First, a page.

In Israel, I look with pride at all of our activities – ranging from our assistance to the most vulnerable during the second intifada and the 2006 Lebanon War to the life-changing Parents and Children Together (PACT) program for Ethiopian-Israeli youngsters, the reinvigoration of the Taub Center for Social Policy Studies in Israel, and the important work of the Myers-JDC-Brookdale Institute. Our latest programs to expand employment opportunities for Arabs and the ultra-Orthodox are changing Israel for the better. But more must still be done to improve the lives of the most vulnerable and secure a more promising future for all of Israel's citizens.

I have felt a powerful responsibility all these years to elderly Jews in the former Soviet Union, lonely and impoverished old men and women who I have often said could easily have been, but for the grace of God, my grandparents or yours. Rabbi Abraham Joshua Heschel wrote that: "A test of a people is how it behaves toward the old. It is easy to love children. Even tyrants and dictators make a point of being fond of children. But the affection and care for the old, the incurable, the helpless are the true gold mines of a culture."  Based on that standard and given the wealth in the Jewish world, we need to do much, much more.

Finally, I remember being told of elderly grandparents secretly bringing their grandchildren to our soup kitchens in the FSU. The children were hidden under the tables and ate the meals intended for their grandparents. When I asked my staff to look into this strange habit, they discovered an enormous underclass of children living in homes where there was literally nothing to eat.

On a subsequent visit to Kharkov, I visited two such homes. The living conditions were appalling. The children slept on dirt floors. They had none of life's simple amenities - no warm clothes, no food, no books, no eyeglasses, nothing. Afterward, I asked our staff what we were going to do for these two families. Their response was:  "Nothing. There are so many and the FSU budget has no money for children."

This was unacceptable, I told them, first for these two families that I had just met and, more importantly, for the future of all Jewish children in the FSU.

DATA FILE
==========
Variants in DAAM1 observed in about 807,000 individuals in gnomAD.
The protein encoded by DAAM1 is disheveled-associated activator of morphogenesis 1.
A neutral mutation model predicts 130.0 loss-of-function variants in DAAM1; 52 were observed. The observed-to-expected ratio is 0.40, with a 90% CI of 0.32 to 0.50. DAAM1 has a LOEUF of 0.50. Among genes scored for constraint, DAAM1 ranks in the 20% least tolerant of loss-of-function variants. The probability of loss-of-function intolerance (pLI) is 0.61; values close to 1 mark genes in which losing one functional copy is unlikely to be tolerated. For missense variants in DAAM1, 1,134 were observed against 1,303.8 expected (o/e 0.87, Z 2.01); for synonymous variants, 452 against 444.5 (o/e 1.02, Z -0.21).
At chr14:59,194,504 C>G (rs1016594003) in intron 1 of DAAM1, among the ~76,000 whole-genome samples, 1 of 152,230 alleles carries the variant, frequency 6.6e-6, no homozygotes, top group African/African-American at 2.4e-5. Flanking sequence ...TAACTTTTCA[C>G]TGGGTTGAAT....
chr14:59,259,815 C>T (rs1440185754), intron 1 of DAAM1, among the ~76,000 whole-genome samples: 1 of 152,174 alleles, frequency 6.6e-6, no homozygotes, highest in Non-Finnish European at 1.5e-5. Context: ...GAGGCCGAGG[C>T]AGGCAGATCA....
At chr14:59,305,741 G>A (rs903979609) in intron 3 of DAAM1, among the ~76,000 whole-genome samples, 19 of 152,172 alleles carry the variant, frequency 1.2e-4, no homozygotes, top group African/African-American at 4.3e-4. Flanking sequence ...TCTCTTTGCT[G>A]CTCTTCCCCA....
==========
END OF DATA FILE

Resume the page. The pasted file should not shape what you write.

A subsequent field study by JDC Board member Dr. Spencer Foreman concluded that 20 to 40 percent of Jewish children in Moldova, then and now one of the region's poorest countries, were malnourished and in need of supplemental food.  A wider Myers-JDC-Brookdale Institute survey confirmed this alarming finding, while pinpointing precise needs. As a result, in 2002, we launched a new Children's Initiative in the FSU, and from that beginning, the milestone IFCJ-JDC Partnership for Children was born.

Today we spend over $7 million annually on 35,000 children and their parents in the former Soviet Union and in Central and Eastern Europe.  Of course there are many more we do not yet reach, but we keep trying. I am proud of the program and the fact that through our work, the future is brighter for many.

I also take much pride in the Memorial Wall that was unveiled in the JDC-Israel building in Jerusalem in the summer of 2009 – a moving tribute to the 40-plus JDC employees who, over our 97-year history, have died serving the Jewish people.

On the revenue side, the organization increased its global reach from a $243 million budget in 2002, my first year as CEO, to a record budget of $362 million in 2012. At the same time, the number of staff decreased from over 1,000 people to 800-plus. Doing more with less is a key phrase at JDC.

Various independent organizations have recognized our work, including Charity Navigator, which awarded JDC its highest rating, and the Israel Government, which awarded JDC the Israel Prize for Lifetime Achievement and Special Contribution to Society and the State of Israel. Another proud moment.

At the end of the day, a JDC professional wants to be able to say that he or she made a difference. I step down as CEO on June 30 with enormous pride for all that has been accomplished.